• N95 respirator – When you are not using it, store it in a closed plastic container and dispose of and regularly clean the storage containers. When reusing the N95 respirator, leave a used mask in the dry atmosphere for 3-4 days to dry it out. Polypropylene in N95 is hydrophobic and contains zero moisture. 

• It is best to use four N95 masks and number them 1 to 4. On day 1 use mask 1, then let it dry for 3-4 days. On day 2 use mask 2 and then let it dry for 3-4 days. Same for Day 3 and Day 4. 

• N95 masks can also be hung and dried in the oven (without contacting metal) at 70 degrees C for 30 minutes. 

• UV light damages N95 masks. Maximum use should be limited to five to 10 times only. 

Dr Saraf: If you have two cloth masks, you can wear one on top of the other.
If you have one cloth mask and one surgical mask, the surgical mask should be the outer mask. 

If you have a N95 mask, no double masking is required. 

Ideally after putting on both the masks, tie the loops of the mask behind the ears or tie the draw strings, so as to ensure both the masks have a snug fit. 

Dr D’Souza: The ideal mask for the covid 19 pandemic is a five layer or 8-layer mask. 

One mask should be fitted first and then the second one. Cloth and surgical mask combination reduces exposure by nearly 95 percent, surgical mask first after tying a loop in the strings and arranging the pleats to avoid air escape from the sides and then the cloth mask in a way that it presses the surgical mask all around tight against the face. Surgical mask with N95 mask using the same principles as cloth and surgical masks. An additional tight fit on the face can be achieved using three rubber bands.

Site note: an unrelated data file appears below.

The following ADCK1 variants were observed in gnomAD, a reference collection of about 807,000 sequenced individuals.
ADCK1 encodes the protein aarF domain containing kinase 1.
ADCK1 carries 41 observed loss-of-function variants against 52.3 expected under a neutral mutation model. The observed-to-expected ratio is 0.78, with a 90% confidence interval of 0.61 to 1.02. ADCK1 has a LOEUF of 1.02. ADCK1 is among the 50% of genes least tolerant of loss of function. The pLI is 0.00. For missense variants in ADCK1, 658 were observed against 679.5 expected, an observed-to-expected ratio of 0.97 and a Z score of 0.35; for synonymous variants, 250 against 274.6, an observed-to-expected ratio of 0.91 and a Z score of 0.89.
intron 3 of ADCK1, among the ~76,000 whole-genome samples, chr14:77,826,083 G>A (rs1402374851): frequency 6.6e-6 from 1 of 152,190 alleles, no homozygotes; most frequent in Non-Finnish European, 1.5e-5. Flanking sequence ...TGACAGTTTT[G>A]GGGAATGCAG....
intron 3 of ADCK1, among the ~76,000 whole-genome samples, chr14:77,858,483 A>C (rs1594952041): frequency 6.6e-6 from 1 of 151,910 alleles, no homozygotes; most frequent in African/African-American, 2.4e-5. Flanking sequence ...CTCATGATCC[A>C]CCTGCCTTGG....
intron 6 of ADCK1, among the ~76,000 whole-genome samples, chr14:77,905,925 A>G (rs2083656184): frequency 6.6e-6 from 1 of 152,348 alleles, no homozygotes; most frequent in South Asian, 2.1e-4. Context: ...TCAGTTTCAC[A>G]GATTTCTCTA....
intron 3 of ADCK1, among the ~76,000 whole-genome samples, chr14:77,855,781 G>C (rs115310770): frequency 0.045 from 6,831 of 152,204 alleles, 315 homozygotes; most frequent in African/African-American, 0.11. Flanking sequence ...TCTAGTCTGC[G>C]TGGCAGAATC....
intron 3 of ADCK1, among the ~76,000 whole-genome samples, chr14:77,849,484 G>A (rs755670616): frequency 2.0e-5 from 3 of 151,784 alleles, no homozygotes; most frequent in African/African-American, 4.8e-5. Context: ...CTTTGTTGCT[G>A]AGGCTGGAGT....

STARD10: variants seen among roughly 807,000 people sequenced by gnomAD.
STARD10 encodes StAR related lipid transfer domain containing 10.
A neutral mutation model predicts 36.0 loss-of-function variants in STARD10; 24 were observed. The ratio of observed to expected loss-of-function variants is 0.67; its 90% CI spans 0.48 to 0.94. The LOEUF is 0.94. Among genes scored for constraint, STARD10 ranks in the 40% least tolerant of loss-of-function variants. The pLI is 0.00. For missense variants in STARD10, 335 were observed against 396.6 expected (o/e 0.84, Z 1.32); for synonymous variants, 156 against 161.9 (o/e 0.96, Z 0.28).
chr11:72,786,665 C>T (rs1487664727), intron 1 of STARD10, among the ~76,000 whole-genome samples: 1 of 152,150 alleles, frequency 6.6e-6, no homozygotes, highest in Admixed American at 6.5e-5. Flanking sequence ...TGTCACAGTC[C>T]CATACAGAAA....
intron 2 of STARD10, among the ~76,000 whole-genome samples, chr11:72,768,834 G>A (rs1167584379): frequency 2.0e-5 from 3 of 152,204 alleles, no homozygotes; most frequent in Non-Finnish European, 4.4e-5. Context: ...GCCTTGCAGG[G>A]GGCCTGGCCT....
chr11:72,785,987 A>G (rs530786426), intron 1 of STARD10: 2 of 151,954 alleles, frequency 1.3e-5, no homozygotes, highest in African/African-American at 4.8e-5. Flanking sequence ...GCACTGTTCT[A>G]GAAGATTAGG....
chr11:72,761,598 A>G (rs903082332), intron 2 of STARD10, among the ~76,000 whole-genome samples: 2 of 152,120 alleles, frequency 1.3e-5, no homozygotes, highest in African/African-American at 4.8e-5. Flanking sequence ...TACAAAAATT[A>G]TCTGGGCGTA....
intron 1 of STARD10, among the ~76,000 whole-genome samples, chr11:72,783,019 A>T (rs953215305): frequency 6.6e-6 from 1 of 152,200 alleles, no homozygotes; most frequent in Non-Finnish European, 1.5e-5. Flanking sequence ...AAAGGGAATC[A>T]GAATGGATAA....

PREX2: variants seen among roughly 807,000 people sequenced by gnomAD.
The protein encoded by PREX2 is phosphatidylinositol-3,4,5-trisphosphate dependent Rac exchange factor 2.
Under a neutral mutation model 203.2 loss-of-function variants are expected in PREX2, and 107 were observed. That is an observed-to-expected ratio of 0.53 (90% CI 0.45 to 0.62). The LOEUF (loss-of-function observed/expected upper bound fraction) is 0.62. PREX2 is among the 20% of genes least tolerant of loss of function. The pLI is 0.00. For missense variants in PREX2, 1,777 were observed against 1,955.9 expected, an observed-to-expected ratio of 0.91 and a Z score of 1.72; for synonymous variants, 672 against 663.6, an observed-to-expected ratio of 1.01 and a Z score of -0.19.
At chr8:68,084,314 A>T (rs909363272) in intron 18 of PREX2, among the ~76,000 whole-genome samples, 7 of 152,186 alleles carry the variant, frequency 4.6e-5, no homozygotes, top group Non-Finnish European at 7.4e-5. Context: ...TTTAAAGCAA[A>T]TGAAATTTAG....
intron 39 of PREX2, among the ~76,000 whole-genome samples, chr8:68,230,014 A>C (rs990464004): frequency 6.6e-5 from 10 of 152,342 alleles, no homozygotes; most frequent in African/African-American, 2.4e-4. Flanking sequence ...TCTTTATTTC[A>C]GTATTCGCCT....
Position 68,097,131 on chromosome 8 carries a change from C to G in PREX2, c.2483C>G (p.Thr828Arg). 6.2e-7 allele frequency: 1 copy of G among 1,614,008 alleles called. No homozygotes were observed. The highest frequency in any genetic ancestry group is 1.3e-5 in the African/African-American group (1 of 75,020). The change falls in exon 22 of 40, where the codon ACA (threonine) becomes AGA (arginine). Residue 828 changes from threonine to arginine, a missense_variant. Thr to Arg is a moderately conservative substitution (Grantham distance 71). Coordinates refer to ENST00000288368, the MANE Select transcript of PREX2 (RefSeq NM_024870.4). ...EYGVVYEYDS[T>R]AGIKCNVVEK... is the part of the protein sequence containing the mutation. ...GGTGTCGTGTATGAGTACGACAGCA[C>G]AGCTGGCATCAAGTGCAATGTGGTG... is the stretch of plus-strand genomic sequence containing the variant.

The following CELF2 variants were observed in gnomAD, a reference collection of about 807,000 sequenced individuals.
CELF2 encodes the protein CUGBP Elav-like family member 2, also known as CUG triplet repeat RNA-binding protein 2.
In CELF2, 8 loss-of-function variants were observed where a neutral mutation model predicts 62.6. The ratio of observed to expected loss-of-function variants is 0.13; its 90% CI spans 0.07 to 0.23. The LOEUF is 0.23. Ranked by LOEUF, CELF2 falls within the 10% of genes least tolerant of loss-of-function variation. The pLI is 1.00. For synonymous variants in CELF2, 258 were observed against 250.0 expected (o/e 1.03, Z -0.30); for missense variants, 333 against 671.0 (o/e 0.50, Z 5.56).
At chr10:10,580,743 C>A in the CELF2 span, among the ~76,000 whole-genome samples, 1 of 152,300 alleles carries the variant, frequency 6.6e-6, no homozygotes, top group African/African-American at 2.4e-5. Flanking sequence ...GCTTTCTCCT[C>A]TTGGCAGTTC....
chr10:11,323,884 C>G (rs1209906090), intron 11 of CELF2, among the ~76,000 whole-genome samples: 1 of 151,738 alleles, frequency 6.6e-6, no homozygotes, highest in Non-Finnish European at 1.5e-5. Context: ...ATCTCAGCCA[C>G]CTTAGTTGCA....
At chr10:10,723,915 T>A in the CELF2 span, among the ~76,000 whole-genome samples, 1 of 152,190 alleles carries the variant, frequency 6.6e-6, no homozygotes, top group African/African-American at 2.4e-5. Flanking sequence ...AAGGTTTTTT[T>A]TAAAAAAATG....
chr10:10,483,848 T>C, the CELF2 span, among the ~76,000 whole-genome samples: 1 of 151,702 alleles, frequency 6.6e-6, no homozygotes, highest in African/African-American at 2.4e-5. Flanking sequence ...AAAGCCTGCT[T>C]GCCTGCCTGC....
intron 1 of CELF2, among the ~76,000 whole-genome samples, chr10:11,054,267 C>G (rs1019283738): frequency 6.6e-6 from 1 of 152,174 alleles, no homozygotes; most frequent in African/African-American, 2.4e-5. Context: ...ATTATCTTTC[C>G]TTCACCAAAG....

- Ensure you can breathe properly and talk freely.  
- Walk around the house after masking to ensure fit and comfort before stepping out. 

Use N95 with cloth masks. 
Use chemical disinfectants on masks.
Use masks that are visibly soiled or damaged. 

Dr Saraf: After wearing a mask, gently blow out from your mouth. If air escapes from any side of the mask, then it needs to be tightened using the drawstrings.
Dr D’Souza: If you have masked right, the mask gets pulled inward while breathing in and billows out while breathing out. If you feel warm air flow over the eyes or glasses fogging up there is an air leak from the top of the mask.
If you are unable to breathe freely or speak the mask is the wrong size. If the mask disturbs your vision, it is not a proper fit, or hasn’t been worn correctly.  


Dr D’Souza: Maintain social distancing from everyone even when masked and do not use masks with breather valves. Also, masks should be disposed daily if readymade and resusable masks changed and washed several times a day.
Unmasked COVID positive person can spread the virus up to eight feet and with mask up to two feet. 

Dr Saraf: Cloth masks should be discarded after the cloth appears frayed and surgical masks should be discarded after they become moist or wet. 

Dr D’Souza: There is no set time, nor recommended number of masks you should use each day. It depends on what you are doing. However, if your mask gets dirty, wet or damaged, or if you touch the inside of it, then you should change to a new one. When you take it off to eat or drink, you should dispose the old mask, wash or sanitise your hands, and replace it with a new one once you have finished eating. Rule of thumb for all masks is not to exceed an 8-hour period with the same mask. 

Masks should be washed dried and stored in Ziploc pouches or paper bags. Masks that are to be reused can be stored the same way. It is important to remember the mask may have particles on the outer surface which should not be disturbed so handle gently. 

Masks for disposal should be bagged in plastic or paper bags or a sealed box and disposed in a separate garbage bag. 

Masking at home is essential in the following situations: 

- When people who don’t live with you enter the home such as relatives, repairmen or service people.

- Homes where children come back from a trip or are attending classes outside. 

- Homes where the people must go out to work every day.  

- Homes where anyone must move out of the house regularly for purchases or groceries.